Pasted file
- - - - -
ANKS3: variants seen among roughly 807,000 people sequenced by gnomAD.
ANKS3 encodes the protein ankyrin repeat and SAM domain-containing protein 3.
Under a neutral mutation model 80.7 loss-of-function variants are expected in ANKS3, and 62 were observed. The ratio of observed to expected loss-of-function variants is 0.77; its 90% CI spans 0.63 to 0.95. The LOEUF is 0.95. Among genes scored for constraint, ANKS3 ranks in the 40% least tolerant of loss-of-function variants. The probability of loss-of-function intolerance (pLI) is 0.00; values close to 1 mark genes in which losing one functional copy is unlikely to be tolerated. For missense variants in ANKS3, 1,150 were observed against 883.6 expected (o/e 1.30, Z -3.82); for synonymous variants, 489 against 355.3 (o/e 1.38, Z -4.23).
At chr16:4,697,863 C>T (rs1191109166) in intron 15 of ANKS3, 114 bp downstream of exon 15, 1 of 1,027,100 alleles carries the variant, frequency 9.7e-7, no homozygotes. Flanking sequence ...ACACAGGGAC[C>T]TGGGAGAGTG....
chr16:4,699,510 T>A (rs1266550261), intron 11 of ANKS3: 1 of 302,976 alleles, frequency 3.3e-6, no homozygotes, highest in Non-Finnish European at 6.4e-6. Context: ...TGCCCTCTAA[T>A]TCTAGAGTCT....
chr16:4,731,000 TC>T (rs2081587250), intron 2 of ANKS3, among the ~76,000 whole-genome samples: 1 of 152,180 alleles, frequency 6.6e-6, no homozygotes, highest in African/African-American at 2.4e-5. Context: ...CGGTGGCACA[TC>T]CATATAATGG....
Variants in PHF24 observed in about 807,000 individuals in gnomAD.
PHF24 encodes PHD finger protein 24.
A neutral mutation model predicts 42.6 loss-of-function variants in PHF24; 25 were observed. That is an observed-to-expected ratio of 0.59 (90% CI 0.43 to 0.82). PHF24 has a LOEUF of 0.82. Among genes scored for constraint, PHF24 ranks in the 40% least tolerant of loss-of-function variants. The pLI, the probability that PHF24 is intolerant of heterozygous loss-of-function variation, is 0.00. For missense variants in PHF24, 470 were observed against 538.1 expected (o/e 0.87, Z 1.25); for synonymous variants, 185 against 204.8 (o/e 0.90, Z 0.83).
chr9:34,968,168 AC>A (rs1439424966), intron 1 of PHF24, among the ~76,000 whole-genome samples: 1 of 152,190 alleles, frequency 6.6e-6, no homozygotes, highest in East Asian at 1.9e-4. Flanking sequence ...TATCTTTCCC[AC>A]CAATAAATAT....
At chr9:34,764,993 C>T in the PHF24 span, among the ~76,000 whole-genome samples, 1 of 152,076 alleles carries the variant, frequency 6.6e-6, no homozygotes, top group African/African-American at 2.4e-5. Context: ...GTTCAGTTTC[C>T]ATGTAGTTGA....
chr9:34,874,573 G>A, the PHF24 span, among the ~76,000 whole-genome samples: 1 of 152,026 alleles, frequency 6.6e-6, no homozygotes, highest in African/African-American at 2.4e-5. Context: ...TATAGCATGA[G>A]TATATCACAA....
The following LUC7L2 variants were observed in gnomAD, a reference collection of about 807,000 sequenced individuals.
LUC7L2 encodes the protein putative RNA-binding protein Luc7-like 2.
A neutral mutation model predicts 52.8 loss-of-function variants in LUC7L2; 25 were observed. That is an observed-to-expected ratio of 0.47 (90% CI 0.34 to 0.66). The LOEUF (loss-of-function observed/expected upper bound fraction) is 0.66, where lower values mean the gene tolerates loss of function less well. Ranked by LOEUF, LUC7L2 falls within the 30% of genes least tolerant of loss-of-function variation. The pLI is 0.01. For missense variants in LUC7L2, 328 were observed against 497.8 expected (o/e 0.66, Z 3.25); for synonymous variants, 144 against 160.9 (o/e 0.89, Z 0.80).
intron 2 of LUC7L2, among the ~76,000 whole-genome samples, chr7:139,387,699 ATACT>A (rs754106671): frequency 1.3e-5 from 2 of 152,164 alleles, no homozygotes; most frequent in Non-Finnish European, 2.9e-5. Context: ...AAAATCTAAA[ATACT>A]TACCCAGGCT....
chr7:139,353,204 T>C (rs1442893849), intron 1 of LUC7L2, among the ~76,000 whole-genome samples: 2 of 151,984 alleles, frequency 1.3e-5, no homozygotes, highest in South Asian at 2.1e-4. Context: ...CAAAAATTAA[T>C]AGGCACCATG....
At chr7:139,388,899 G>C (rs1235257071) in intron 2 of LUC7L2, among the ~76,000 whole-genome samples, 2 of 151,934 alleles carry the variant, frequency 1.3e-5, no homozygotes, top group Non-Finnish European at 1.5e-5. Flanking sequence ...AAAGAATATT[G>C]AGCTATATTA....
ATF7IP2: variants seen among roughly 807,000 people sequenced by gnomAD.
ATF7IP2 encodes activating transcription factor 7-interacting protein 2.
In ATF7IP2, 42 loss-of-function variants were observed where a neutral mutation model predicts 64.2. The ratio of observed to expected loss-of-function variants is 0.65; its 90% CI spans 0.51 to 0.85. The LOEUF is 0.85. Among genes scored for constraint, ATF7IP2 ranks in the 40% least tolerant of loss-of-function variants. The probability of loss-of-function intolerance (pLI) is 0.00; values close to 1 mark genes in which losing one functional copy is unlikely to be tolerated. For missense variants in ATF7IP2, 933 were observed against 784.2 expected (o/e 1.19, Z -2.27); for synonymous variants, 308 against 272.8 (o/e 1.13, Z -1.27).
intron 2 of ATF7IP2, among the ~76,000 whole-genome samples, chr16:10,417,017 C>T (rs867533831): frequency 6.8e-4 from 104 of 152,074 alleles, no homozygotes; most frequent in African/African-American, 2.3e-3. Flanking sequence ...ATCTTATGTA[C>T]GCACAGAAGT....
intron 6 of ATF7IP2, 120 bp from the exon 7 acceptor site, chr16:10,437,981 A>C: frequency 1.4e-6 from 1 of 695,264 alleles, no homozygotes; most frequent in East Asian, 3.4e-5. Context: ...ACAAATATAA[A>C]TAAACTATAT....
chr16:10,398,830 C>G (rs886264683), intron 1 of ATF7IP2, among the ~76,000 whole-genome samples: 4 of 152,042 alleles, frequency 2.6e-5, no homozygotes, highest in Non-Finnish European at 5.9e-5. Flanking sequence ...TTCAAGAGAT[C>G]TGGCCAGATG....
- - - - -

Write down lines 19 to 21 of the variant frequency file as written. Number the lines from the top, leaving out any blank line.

ATF7IP2: variants seen among roughly 807,000 people sequenced by gnomAD.
ATF7IP2 encodes activating transcription factor 7-interacting protein 2.
In ATF7IP2, 42 loss-of-function variants were observed where a neutral mutation model predicts 64.2. The ratio of observed to expected loss-of-function variants is 0.65; its 90% CI spans 0.51 to 0.85. The LOEUF is 0.85. Among genes scored for constraint, ATF7IP2 ranks in the 40% least tolerant of loss-of-function variants. The probability of loss-of-function intolerance (pLI) is 0.00; values close to 1 mark genes in which losing one functional copy is unlikely to be tolerated. For missense variants in ATF7IP2, 933 were observed against 784.2 expected (o/e 1.19, Z -2.27); for synonymous variants, 308 against 272.8 (o/e 1.13, Z -1.27).